Various noted market commentators were interviewed at the 16th annual Mining Indaba in Cape Town this week and the sentiment appears to be largely bullish. Playing safe most predictions were pitched at the long term such as Kevin Norrish, Managing Director of commodities research at Barclays Capital who said he could see prices rising steadily in 2010 and through into 2011 due to demand from China and the “financialization of the metals sector. By which we take him to mean the flows of investment money into metals commodities. “China’s commodity demand has reached critical mass, with global demand for copper from China rising to 35% last year from 15% in 2001. China is the most important factor in copper and commodity production, he said in a local paperÃ‚Â www.businessday.co.za, “We expect price increases to hit fresh highs by 2012, driven especially by insatiable demand from China as well as an expected rise in demand from members of the OECD. Norrish went on to say he expected the copper market to be in deficit in the next couple of years and prices to reach US$8,000 per metric ton.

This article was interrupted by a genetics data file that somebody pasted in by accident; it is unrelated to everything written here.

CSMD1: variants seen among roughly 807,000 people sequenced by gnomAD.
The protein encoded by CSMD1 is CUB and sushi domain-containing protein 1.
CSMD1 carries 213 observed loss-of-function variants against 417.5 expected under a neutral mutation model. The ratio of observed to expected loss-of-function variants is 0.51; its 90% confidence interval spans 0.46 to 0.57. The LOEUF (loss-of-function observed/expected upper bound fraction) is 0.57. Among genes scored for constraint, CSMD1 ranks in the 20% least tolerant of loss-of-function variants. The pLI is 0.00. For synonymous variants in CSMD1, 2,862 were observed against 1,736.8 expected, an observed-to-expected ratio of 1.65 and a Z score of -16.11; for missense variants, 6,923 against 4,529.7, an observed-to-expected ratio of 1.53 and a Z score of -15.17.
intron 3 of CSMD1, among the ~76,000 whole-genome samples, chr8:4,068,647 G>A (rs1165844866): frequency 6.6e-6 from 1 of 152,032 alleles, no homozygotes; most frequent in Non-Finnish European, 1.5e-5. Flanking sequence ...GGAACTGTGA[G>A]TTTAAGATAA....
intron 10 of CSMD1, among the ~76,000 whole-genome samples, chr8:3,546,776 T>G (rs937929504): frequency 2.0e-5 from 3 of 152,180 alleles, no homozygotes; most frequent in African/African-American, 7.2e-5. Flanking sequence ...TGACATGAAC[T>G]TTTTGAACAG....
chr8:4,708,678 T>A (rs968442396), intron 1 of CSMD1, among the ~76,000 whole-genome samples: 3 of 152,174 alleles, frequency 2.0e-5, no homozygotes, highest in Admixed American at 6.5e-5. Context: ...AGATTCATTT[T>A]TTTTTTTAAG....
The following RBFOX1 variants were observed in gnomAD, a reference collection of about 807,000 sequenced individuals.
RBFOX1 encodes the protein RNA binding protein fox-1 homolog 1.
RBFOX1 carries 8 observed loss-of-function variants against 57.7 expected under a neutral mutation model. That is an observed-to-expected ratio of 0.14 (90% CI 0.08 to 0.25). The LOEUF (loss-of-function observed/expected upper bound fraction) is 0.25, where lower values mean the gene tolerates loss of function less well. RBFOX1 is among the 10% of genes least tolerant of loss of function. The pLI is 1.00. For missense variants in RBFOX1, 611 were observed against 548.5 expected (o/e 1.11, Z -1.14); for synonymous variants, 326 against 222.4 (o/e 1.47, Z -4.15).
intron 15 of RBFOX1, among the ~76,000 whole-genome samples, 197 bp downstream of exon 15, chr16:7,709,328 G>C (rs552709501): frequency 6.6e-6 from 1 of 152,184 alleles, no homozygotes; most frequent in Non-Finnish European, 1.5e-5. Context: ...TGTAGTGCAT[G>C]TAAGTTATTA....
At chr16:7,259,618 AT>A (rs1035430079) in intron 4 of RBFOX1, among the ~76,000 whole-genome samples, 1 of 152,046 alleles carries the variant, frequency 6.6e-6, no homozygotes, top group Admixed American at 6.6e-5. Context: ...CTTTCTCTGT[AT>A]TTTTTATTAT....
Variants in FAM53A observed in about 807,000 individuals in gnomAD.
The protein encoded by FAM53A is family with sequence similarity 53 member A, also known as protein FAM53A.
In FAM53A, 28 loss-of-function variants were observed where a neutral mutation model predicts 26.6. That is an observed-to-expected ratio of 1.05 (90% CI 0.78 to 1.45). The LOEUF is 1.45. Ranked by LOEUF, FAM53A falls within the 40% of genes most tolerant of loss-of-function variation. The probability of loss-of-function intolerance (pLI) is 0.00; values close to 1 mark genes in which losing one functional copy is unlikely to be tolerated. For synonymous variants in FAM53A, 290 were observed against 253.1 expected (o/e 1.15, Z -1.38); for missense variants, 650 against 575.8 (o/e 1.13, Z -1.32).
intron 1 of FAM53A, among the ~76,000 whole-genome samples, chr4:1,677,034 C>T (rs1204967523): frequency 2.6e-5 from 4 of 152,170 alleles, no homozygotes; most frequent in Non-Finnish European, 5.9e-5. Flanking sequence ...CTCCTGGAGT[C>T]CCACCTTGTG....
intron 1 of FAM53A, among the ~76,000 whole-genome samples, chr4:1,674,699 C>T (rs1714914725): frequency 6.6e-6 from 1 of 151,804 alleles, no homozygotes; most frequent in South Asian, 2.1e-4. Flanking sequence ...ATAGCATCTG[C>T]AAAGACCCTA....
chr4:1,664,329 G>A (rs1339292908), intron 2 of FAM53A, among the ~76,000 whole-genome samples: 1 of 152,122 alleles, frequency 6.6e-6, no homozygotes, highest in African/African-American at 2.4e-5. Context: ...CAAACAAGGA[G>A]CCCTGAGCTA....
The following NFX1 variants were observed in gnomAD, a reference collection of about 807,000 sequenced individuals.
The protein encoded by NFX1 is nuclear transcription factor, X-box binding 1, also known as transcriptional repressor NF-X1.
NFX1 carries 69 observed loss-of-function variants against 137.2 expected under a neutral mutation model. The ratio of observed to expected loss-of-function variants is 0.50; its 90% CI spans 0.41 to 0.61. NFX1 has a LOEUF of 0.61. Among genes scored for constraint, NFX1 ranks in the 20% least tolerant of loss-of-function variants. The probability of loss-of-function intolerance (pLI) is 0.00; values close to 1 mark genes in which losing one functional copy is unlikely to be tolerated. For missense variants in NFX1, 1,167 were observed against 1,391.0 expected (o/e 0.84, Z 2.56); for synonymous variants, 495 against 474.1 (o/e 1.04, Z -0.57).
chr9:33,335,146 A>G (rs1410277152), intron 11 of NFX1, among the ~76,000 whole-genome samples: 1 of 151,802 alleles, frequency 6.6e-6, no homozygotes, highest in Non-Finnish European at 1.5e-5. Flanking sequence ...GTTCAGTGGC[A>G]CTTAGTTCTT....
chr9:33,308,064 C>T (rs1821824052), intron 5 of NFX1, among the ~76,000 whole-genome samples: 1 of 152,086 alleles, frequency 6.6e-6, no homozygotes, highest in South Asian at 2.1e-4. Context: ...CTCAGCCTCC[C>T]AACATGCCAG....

Iron ore was also singled out for attention, this time by Magnus Ericsson of Raw Metals Group who observed China’s steel demand would drive iron ore imports up by 10% this year and the new benchmark would be 10-15% higher than last year we would pitch it higher than that but we will see.
Guy Elliott, CFO of Rio Tinto was particularly bullish for the long term saying to Reuters economic growth in China would double global demand for aluminum, iron ore and copper over the next 15 years. Rio is said to be increasing iron ore production by 10% in 2010 over 2009 but interestingly still have some of their aluminum smelters running at below capacity.
Last, on precious metals Tom Kendal, a precious metals strategist at Mitsubishi said platinum would reach $1,700/ounce in H2 2010 on the back of a global recovery in vehicle manufacturing and increasing emissions regulations.